Fed starts a two-day meeting
Eurozone Unemployment improves
Gold is at the lowest since February
U.S. Dollar Index
The dollar was down on Tuesday morning in Asia, with the Fed widely expected to further tighten its monetary policy as it begins its two-day meeting. The U.S. Dollar Index was down 0.29% to 103.23, while it held just below a 20-year high against a basket of currencies on Monday.
The Fed will hand down its policy decision on Wednesday and is expected to hike rates by 50 basis points, the biggest hike since 2000. The central bank is also expected to announce plans to trim its $9 trillion balance sheet. However, some investors are even holding out for the possibility of a 75-basis point hike, or a faster pace of balance sheet reduction than currently expected.
The European Union is preparing the latest sanctions on Russian oil sales in response to Russia’s invasion of Ukraine on Feb. 24. Germany, Russia’s biggest energy customer, has changed its stance that could deprive Russia of a large revenue stream within days.
The Eurozone Unemployment Rate dropped to 6.8% against 6.7% expected and 6.9% reported in February, the latest data published by the Eurostat showed on Tuesday. The Producer Price Index (PPI) in the bloc rose to 5.3% MoM in March vs. 5% expected and 1.1% previous. On an annualized basis, the PPI surged 36.8% in March, beating expectations of a 36.3% increase and 31.5% last.
Meanwhile, EURUSD is losing the recovery momentum on the mixed Eurozone data releases. The spot pair was trading at 1.0499, down 0.05% so far.
In Asia Pacific, ongoing concerns about China’s latest COVID-19 outbreak and its impact on the country’s economic impact helped cap the dollar’s losses. The city of Shanghai reported 58 new cases outside areas under strict lockdown on Monday, while the capital city of Beijing resumed its mass testing program. The USDCNY pair was steady at 6.6083 with Chinese markets also closed for a holiday.
The Japanese Yen gained ground against the greenback as the USDJPY pair inched down 0.05% to 130.07, with Japanese markets closed for a holiday.
Meanwhile, the Japanese yen continued to remain near 20-year lows reached against the dollar on Thursday, after the Bank of Japan strengthened its commitment to keep interest rates low and pledged to buy unlimited amounts of bonds daily to defend its yield target.
U.S. stock futures rose early Tuesday morning after the major averages staged a big reversal to start the month. Dow Jones Industrial Average futures rose 80 points, or 0.24%. S&P 500 and Nasdaq 100 futures were also up by 0.28% and 0.34%, respectively.
On Monday, the major averages posted a wild up-and-down session amid the Nasdaq Composite rising 1.63% in a late-day comeback, despite falling as much as 1.07% earlier. The S&P 500 rose 0.57% after hitting a new 2022 low earlier in the session.
The benchmark 10-year Treasury yield also climbed to a new milestone on Monday. The bond yield hit 3.01% during the session, its highest point since December 2018.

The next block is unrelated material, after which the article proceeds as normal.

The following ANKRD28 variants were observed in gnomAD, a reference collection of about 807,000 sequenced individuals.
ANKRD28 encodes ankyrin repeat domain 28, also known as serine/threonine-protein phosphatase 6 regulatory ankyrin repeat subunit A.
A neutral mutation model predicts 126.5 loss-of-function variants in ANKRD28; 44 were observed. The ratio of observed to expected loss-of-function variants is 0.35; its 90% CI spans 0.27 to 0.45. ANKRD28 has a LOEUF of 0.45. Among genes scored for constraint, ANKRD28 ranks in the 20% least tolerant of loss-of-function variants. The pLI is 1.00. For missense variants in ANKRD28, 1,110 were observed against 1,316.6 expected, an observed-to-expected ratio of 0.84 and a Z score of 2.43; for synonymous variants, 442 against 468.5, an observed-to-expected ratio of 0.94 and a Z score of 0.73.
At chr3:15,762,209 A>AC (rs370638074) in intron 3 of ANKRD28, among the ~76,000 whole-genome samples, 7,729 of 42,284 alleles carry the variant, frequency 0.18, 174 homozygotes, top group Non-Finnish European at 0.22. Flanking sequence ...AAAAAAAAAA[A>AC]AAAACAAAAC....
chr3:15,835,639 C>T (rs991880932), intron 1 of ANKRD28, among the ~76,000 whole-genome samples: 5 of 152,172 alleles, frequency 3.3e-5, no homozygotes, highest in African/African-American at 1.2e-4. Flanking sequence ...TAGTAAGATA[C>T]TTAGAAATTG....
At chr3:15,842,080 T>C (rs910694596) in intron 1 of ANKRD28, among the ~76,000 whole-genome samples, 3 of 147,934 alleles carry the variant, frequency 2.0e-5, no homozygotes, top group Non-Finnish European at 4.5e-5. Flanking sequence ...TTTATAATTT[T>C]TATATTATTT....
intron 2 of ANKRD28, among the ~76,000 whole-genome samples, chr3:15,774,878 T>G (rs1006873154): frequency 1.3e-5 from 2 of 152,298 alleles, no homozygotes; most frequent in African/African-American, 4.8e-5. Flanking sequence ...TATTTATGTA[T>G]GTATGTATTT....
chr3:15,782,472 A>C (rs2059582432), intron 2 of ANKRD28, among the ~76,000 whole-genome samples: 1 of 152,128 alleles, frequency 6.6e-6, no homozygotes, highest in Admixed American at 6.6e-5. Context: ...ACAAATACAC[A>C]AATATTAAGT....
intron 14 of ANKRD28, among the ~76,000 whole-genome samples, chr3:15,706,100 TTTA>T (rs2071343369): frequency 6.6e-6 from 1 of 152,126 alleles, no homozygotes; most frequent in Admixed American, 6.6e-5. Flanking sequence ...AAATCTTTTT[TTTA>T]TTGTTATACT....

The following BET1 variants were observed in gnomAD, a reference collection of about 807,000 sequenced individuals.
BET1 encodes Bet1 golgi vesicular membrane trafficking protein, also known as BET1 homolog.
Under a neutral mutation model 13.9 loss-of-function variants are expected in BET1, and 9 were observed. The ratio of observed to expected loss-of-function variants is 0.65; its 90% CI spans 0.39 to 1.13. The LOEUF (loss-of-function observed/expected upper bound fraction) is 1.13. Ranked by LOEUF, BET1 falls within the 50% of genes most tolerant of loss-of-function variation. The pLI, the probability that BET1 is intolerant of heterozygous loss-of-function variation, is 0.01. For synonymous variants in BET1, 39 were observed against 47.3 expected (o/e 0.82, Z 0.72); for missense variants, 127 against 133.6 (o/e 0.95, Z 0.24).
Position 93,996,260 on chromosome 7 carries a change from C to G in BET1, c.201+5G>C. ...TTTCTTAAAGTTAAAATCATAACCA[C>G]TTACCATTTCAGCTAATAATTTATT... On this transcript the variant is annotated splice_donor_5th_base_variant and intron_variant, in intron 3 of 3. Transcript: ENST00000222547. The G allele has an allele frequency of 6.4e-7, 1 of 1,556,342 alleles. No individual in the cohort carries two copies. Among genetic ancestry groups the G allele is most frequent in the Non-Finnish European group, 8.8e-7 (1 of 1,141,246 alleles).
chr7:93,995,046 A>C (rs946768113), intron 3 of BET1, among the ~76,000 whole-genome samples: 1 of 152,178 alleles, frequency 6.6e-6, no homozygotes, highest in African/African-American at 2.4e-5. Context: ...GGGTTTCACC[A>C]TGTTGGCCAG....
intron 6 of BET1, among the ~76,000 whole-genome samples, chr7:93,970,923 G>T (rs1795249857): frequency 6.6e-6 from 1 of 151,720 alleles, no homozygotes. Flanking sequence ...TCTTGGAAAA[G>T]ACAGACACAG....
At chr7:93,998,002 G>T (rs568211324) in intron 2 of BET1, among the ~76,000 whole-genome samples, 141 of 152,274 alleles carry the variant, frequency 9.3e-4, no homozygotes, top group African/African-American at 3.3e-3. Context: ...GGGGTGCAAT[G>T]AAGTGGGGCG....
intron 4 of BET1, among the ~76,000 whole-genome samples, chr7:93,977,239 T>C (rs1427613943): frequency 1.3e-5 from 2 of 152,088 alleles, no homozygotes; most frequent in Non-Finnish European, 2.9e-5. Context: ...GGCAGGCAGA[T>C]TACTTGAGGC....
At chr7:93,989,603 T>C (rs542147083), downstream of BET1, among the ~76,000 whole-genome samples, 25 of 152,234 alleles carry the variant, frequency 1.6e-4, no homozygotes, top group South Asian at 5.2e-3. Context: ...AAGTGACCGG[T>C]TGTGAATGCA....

European stock markets opened higher Tuesday, starting the new month on a positive note as investors await more corporate earnings and the prospect of key central banks tightening monetary policy. A lot of attention will be on central banks this week as a number hold policy-setting meetings that could determine market sentiment for weeks to come.
The DAX futures contract traded 0.6% higher, CAC 40 futures climbed 0.6%, and the FTSE 100 futures contract rose 0.6%. The Bank of England will also hand down its policy decision on Thursday and is expected to raise interest rates to their highest level in 13 years. Meanwhile, German unemployment data for April are due later in the session along with the March Eurozone PPI release.
Gold prices dropped on Tuesday to their lowest since February this year, as the dollar and an imminent interest rate hike by the U.S. Federal Reserve dampened bullion’s appeal as an inflation hedge.
Spot gold was down 0.3% at $1,858.10 per ounce. Bullion fell more than 2% on Monday to its lowest since Feb. 16, as the dollar and yields strengthened on increased prospects for faster rate hikes by the U.S. central bank. U.S. gold futures were also down 0.3% at $1,857.20.
The U.S. central bank’s Federal Open Market Committee will begin its meeting on interest rates later in the day and is expected to hike borrowing costs by half-a-percentage point when it announces its decision on Wednesday.
Spot silver dipped 0.5% to $22.52 per ounce, platinum eased 0.1% to $934.94, and palladium advanced 0.8% to $2,234.12.
Oil prices slipped on Tuesday in a second day of thin trading in Asia, pulled in opposite directions by China’s COVID-19 lockdowns, which could weigh on fuel demand, and prospects for a supply hit from a possible European oil embargo on Russia.
Brent crude futures fell 0.2% to $107.35 a barrel, tapping out early gains in the day in trading thinned by holidays in China, Japan and parts of Southeast Asia. U.S. West Texas Intermediate (WTI) crude futures similarly dropped 0.2% to $104.94 a barrel, after hitting an intraday high of $105.80. Both benchmark contracts rose more than 0.4% on Monday.
Market participants expect the European Commission to finalise the sixth package of European sanctions against Russia, which might include a ban on buying Russian oil.
Traders will be closely watching U.S. inventory data. The American Petroleum Institute industry group will report stockpiles for the week ended April 29 on Tuesday, followed by government data from the Energy Information Administration on Wednesday.